Kishida served as foreign minister under Abe, a conservative LDP lawmaker who paved the way for Japan to exercise the right to collective self-defense, or coming to the aid of allies even when Japan itself is not under attack. Abe had sought to build rapport with Russian President Vladimir Putin to resolve a territorial dispute over islands called the Northern Territories by Tokyo and the Southern Kurils by Moscow.

Japan slapped a slew of sanctions on Russia in response to its war in Ukraine and froze an economic cooperation plan pushed by Abe. At the G-7 summit, Kishida announced another round of punitive measures. Among them, Japan joined some other members in placing a ban on gold imports from major producer Russia.

"Russia itself seems to have been taken aback by the strength of Japan's response (following the war)," said James Brown, an associate professor at Temple University in Tokyo, who is an expert on Japan-Russia relations. "Under Abe, Russia got the impression that Japan was a soft touch. Kishida has shown that this is no longer the case."

The prospects for progress toward resolving the territorial issue and reaching a postwar peace treaty now look low.

For economic reasons, Kishida also needs to take a tough approach to Russia, whose invasion of Ukraine has sent energy, commodity and food prices higher, raising the cost of living for households, a sensitive issue ahead of the national election.

Experts say Kishida's attendance at the NATO summit will send a strong message to Russia and China that Japan is on the alliance's side. The real work will now begin on shaping how Japan and the military alliance deepen cooperation in Europe and the Indo-Pacific.

(From L) British Prime Minister Boris Johnson and Japanese Prime Minister Fumio Kishida attend a Group of Seven summit at the German mountain resort of Schloss Elmau on June 27, 2022, with Ukrainian President Volodymyr Zelenskyy (on screen) participating online. (Pool photo) (Kyodo) ==Kyodo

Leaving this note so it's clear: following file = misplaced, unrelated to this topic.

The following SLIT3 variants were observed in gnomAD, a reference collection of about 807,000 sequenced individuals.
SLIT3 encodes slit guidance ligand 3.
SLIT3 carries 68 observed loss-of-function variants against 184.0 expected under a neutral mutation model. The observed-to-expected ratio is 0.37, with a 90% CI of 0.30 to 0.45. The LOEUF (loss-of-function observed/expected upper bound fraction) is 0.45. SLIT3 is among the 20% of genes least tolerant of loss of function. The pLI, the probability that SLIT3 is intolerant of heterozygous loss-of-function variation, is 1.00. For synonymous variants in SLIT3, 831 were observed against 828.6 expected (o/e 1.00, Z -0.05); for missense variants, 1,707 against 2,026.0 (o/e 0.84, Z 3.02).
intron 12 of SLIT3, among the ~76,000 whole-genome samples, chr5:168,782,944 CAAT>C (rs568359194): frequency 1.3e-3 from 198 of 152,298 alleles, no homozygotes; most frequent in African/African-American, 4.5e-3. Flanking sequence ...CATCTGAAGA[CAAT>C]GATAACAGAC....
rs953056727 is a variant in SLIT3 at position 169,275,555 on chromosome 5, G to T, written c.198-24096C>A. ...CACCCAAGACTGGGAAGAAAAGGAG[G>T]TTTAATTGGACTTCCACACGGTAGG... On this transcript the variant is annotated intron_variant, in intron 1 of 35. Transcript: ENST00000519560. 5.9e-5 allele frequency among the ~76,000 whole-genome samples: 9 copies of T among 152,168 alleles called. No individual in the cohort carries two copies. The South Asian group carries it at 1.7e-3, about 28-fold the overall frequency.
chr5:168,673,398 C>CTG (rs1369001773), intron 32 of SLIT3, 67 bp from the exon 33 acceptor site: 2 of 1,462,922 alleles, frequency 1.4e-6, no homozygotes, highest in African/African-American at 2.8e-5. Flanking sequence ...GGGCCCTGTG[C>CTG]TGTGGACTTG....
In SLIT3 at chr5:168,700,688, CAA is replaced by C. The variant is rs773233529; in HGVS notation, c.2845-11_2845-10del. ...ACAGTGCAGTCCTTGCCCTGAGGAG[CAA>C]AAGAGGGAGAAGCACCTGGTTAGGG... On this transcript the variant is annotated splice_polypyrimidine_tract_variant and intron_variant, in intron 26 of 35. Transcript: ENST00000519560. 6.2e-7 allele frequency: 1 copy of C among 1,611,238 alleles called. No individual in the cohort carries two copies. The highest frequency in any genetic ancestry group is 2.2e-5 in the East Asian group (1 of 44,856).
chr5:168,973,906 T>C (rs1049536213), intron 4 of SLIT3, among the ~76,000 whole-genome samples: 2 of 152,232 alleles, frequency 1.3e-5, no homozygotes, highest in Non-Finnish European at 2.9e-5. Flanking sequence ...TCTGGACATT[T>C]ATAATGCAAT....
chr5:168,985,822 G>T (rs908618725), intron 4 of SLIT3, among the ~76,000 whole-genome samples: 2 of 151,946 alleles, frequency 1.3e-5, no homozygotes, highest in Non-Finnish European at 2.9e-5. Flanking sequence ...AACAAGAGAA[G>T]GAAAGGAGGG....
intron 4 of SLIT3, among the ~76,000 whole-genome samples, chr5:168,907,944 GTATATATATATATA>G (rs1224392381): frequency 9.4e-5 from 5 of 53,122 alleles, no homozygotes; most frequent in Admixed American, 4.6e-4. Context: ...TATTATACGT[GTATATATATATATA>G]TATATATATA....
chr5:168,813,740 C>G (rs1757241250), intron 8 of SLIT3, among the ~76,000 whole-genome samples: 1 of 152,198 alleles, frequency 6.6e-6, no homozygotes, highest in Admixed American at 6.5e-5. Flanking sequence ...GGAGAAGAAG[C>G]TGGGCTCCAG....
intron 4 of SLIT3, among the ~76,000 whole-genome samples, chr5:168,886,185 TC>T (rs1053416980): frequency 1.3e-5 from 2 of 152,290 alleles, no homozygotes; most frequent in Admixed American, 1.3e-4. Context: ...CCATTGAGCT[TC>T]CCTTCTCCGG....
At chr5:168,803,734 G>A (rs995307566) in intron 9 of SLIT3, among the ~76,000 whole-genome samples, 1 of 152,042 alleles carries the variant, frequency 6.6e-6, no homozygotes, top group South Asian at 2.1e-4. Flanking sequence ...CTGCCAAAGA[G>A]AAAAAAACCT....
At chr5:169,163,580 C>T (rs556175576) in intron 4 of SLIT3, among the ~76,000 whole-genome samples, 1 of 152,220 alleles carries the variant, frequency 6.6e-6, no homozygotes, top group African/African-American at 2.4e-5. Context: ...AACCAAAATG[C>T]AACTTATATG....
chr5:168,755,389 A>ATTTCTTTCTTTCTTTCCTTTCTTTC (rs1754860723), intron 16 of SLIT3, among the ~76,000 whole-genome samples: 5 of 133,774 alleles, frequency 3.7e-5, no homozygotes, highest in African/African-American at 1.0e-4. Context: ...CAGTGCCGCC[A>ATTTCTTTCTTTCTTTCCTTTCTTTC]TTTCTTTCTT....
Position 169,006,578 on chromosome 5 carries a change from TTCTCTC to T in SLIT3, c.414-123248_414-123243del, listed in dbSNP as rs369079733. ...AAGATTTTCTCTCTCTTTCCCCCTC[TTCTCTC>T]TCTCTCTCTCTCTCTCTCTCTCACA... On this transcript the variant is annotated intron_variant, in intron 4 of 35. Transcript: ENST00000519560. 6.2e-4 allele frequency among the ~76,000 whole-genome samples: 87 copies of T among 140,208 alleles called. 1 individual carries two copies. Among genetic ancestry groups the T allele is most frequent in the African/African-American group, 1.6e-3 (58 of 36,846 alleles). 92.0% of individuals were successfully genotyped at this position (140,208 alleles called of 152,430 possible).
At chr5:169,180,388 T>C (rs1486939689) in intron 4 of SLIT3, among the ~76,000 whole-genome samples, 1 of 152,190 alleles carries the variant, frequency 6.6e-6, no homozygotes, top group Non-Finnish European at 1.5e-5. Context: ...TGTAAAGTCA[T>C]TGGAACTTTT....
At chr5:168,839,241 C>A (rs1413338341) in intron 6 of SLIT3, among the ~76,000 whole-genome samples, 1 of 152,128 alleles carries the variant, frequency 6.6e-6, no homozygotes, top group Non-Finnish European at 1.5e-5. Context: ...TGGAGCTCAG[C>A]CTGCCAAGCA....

Shortly after the G-7 summit ended, Kishida said he called for the group's unity in opposing unilateral attempts to change the status quo by force and a great amount of time was spent discussing issues related to China.

The group consists of Britain, Canada, France, Germany, Italy, Japan and the United States plus the European Union.

"What Japan can do and is expected to do is to provide proper input on China," said Atsuko Higashino, a professor at the University of Tsukuba, who is well versed on NATO.

NATO knows Japan well after years of partnership and is unlikely to demand something that goes beyond the limits of the war-renouncing Article 9 of the country's Constitution, despite some domestic concern that Japan will be dragged into the military alliance, Higashino said.

"At the same time, Japan's stance on China will come under greater scrutiny because NATO is not only a military alliance but an organization that places emphasis on fundamental values like human rights. Japan cannot warn of the threat of China while not being hard on human rights issues," she said.